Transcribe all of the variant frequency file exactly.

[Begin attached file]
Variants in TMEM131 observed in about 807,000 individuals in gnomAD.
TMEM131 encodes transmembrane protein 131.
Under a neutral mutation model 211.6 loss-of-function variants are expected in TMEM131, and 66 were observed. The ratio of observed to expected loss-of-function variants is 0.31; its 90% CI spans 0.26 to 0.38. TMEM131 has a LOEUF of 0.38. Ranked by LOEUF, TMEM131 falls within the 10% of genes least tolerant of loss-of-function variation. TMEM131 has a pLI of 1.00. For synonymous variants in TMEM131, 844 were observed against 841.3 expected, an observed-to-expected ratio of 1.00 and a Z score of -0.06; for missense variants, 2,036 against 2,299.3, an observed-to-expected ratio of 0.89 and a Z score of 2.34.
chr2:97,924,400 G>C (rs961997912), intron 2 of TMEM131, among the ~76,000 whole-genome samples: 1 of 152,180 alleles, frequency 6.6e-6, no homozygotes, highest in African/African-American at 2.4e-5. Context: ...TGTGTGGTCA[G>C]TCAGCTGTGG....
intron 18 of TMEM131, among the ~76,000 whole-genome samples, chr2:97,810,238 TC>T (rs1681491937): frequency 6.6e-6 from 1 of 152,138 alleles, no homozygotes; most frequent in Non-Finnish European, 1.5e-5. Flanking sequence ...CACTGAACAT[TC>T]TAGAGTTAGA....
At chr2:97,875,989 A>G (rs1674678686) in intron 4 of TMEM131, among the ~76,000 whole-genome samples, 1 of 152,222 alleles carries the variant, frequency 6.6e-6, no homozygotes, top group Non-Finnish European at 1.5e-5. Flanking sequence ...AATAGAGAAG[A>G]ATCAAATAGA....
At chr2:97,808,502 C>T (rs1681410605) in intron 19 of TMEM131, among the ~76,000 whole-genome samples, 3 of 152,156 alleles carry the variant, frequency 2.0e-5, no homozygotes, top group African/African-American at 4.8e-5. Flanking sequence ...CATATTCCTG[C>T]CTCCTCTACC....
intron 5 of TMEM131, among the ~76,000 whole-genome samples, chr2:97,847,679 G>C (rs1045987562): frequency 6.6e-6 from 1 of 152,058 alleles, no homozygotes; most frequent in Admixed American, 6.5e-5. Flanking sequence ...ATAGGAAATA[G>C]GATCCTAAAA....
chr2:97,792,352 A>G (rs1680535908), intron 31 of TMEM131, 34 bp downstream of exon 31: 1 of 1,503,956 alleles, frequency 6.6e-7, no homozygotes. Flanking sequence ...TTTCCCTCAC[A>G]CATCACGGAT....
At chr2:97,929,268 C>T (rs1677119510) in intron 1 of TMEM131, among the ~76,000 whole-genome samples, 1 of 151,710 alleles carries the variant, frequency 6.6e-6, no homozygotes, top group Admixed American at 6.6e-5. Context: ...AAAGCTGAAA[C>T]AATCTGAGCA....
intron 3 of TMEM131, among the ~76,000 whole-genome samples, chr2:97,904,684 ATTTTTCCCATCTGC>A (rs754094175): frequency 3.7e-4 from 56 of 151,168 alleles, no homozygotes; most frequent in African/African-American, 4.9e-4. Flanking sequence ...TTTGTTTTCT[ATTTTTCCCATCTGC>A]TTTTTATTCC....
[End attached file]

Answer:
Variants in TMEM131 observed in about 807,000 individuals in gnomAD.
TMEM131 encodes transmembrane protein 131.
Under a neutral mutation model 211.6 loss-of-function variants are expected in TMEM131, and 66 were observed. The ratio of observed to expected loss-of-function variants is 0.31; its 90% CI spans 0.26 to 0.38. TMEM131 has a LOEUF of 0.38. Ranked by LOEUF, TMEM131 falls within the 10% of genes least tolerant of loss-of-function variation. TMEM131 has a pLI of 1.00. For synonymous variants in TMEM131, 844 were observed against 841.3 expected, an observed-to-expected ratio of 1.00 and a Z score of -0.06; for missense variants, 2,036 against 2,299.3, an observed-to-expected ratio of 0.89 and a Z score of 2.34.
chr2:97,924,400 G>C (rs961997912), intron 2 of TMEM131, among the ~76,000 whole-genome samples: 1 of 152,180 alleles, frequency 6.6e-6, no homozygotes, highest in African/African-American at 2.4e-5. Context: ...TGTGTGGTCA[G>C]TCAGCTGTGG....
intron 18 of TMEM131, among the ~76,000 whole-genome samples, chr2:97,810,238 TC>T (rs1681491937): frequency 6.6e-6 from 1 of 152,138 alleles, no homozygotes; most frequent in Non-Finnish European, 1.5e-5. Flanking sequence ...CACTGAACAT[TC>T]TAGAGTTAGA....
At chr2:97,875,989 A>G (rs1674678686) in intron 4 of TMEM131, among the ~76,000 whole-genome samples, 1 of 152,222 alleles carries the variant, frequency 6.6e-6, no homozygotes, top group Non-Finnish European at 1.5e-5. Flanking sequence ...AATAGAGAAG[A>G]ATCAAATAGA....
At chr2:97,808,502 C>T (rs1681410605) in intron 19 of TMEM131, among the ~76,000 whole-genome samples, 3 of 152,156 alleles carry the variant, frequency 2.0e-5, no homozygotes, top group African/African-American at 4.8e-5. Flanking sequence ...CATATTCCTG[C>T]CTCCTCTACC....
intron 5 of TMEM131, among the ~76,000 whole-genome samples, chr2:97,847,679 G>C (rs1045987562): frequency 6.6e-6 from 1 of 152,058 alleles, no homozygotes; most frequent in Admixed American, 6.5e-5. Flanking sequence ...ATAGGAAATA[G>C]GATCCTAAAA....
chr2:97,792,352 A>G (rs1680535908), intron 31 of TMEM131, 34 bp downstream of exon 31: 1 of 1,503,956 alleles, frequency 6.6e-7, no homozygotes. Flanking sequence ...TTTCCCTCAC[A>G]CATCACGGAT....
At chr2:97,929,268 C>T (rs1677119510) in intron 1 of TMEM131, among the ~76,000 whole-genome samples, 1 of 151,710 alleles carries the variant, frequency 6.6e-6, no homozygotes, top group Admixed American at 6.6e-5. Context: ...AAAGCTGAAA[C>T]AATCTGAGCA....
intron 3 of TMEM131, among the ~76,000 whole-genome samples, chr2:97,904,684 ATTTTTCCCATCTGC>A (rs754094175): frequency 3.7e-4 from 56 of 151,168 alleles, no homozygotes; most frequent in African/African-American, 4.9e-4. Flanking sequence ...TTTGTTTTCT[ATTTTTCCCATCTGC>A]TTTTTATTCC....